According to Mahayana, the meaning of Dharma is metaphorical or expedient ("upaya") - and you are taking it literally.
In my understanding of Mahayana, -- and it is very clear to me that this is how the original Buddha meant it as well -- things like reincarnation, liberation, karma etc. all refer to informational, psychological, and ethical aspects of reality - and not to some fairy-tale fantasies.
According to this interpretation, there is no literal "afterlife" (it's not even a concept that ever occurs in Buddhist texts!), there is cycling of forms - generation after generation, carrying same patterns along in a self-perpetuating way. There is no "cosmic law that liberates" and "is eager" - there is natural evolution towards greater awareness. (In the modern science these natural laws are beginning to get described in the emerging discipline of "biosemiotics")
So if we look at it from this perspective, why would the natural laws care about "beings be given ability to observe and realize the truth about samsaric worlds"?
Regarding the chicken and egg problem you are describing (that, for the sentient beings to get serious about Liberation, they'd need to clearly understand the problem, but according to Buddhism a clear understanding of the problem is only possible at the very end - almost at the time of Enlightenment itself, which makes it a vicious circle) - this has unfortunately been an issue with Buddhism all along throughout its history. Because the root cause of the Problem is Ignorance, there is no easy way to approach this issue.
Over the centuries of experimenting, different schools developed different methods, ranging from trying to explain everything with the hard logic upfront - to using informal hints to carry the gist of the Vision across - to asking the student to take it on faith and focus on practice until they get clear enough to start seeing it for themselves - to feeding the student with expedient fairy-tales as a child-friendly carrot effective as a temporary surrogate for the actual understanding.
So your concern and confusion is completely appropriate and well-based. Unfortunately, there are no easy answers to this (outside of the tongue-in-cheek "trust Andrei he knows what he's talking about") - or else you are on your own in this sea of doubts, trying to figure out what is what from the all the million voices screaming at once.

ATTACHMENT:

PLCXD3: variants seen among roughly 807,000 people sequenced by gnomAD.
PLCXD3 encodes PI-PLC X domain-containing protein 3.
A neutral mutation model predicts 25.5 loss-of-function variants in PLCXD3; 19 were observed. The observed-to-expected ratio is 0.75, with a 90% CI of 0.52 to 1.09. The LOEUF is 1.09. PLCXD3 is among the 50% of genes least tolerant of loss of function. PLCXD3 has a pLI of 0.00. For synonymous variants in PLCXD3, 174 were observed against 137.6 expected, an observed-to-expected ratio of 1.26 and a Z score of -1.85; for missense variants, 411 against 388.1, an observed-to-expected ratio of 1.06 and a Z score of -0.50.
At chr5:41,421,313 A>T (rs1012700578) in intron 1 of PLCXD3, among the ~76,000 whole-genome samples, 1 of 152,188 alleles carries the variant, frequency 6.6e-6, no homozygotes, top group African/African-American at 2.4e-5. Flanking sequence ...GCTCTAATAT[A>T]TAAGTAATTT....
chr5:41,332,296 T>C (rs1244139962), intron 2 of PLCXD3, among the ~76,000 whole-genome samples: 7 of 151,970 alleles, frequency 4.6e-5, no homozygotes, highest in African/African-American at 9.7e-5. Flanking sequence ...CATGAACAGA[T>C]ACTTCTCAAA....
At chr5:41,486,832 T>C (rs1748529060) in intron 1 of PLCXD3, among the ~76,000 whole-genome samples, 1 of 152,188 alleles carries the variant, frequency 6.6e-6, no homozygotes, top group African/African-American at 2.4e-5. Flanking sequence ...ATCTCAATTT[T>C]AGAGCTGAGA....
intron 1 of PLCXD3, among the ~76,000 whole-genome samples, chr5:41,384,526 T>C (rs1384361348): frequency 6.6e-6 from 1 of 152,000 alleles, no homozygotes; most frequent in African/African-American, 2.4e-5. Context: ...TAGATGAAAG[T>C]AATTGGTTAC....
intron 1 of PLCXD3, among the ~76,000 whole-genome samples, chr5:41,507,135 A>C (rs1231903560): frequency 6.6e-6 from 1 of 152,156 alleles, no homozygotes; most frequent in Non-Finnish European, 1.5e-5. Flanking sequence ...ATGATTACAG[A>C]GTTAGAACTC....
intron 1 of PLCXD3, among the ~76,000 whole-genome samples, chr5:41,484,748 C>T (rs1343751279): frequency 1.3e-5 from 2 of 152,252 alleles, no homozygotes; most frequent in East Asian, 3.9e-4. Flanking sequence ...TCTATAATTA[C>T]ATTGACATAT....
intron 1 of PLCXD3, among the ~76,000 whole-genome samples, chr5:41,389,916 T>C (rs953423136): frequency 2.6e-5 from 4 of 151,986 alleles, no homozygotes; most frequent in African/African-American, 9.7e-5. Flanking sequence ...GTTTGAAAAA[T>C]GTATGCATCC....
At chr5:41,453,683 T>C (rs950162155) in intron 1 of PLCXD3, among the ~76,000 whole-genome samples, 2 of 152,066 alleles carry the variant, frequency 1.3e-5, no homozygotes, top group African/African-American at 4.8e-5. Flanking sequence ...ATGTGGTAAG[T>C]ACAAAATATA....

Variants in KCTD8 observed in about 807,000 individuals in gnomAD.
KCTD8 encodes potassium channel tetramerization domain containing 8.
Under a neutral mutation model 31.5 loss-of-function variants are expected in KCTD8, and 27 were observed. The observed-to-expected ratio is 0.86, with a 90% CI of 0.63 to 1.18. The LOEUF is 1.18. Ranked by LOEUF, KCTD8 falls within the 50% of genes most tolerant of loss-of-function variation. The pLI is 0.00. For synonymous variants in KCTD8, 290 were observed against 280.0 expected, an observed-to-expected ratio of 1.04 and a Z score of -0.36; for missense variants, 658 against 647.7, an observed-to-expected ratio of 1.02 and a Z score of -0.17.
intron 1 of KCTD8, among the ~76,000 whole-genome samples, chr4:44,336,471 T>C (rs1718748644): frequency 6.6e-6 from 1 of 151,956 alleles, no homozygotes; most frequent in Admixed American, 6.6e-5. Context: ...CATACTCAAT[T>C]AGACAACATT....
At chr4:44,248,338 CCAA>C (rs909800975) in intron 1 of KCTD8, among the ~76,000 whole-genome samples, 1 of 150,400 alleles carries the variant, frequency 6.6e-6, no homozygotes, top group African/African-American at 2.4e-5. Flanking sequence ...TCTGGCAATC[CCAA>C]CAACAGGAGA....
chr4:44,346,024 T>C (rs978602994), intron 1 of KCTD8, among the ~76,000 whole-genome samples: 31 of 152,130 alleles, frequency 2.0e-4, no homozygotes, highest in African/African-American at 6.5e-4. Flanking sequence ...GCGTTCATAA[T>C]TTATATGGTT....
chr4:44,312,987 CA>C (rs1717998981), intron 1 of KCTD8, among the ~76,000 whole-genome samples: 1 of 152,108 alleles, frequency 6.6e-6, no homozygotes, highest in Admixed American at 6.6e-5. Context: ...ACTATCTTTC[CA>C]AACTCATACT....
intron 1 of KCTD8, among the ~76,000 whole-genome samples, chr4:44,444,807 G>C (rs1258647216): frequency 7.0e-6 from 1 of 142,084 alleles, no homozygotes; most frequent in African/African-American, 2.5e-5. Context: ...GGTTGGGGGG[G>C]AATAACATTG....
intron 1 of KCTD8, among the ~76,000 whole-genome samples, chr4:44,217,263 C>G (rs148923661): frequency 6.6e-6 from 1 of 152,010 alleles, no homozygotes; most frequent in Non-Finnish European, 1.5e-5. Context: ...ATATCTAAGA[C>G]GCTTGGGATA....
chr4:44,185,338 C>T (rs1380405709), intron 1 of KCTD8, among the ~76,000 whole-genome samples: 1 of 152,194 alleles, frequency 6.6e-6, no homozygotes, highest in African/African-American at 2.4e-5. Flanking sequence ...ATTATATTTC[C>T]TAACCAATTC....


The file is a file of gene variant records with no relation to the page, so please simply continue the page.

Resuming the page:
Fortunately, Buddhism does not require you to understand all this in order to get the basic ground under your feet and start making meaningful progress. All you need to do is understand the following basic framework:
Pain feels bad, peace feels good - at the end of the day this is what really matters. Stupid actions lead to inner pain, smart actions lead to inner peace (long-term; short-term there could be temporary roundabouts). Stupid/painful is by its nature is polarized, black-and-white, selfish, greedy, and leads to conflict. Smart/peaceful by its nature is all-encompassing, sees things from all sides, altruistic, and leads to reconciliation of positions. Start acting smart and don't act stupid and soon enough you will see the benefits for yourself. There is no need to be Enlightened to understand that if you create peace, you will get peace and if you create pain you will get pain. - this is sort of self-evident and is all you need to practice Buddhism.
Basically, the above was the gist of the answer Buddha gave to the confused folks as depicted in the Kalama Sutta. Don't worry about "Samsara" and other metaphors.
To avoid all evil, to cultivate good, and to cleanse one's mind — this is the teaching of the Buddhas.
- The Dhammapada: Chapter 14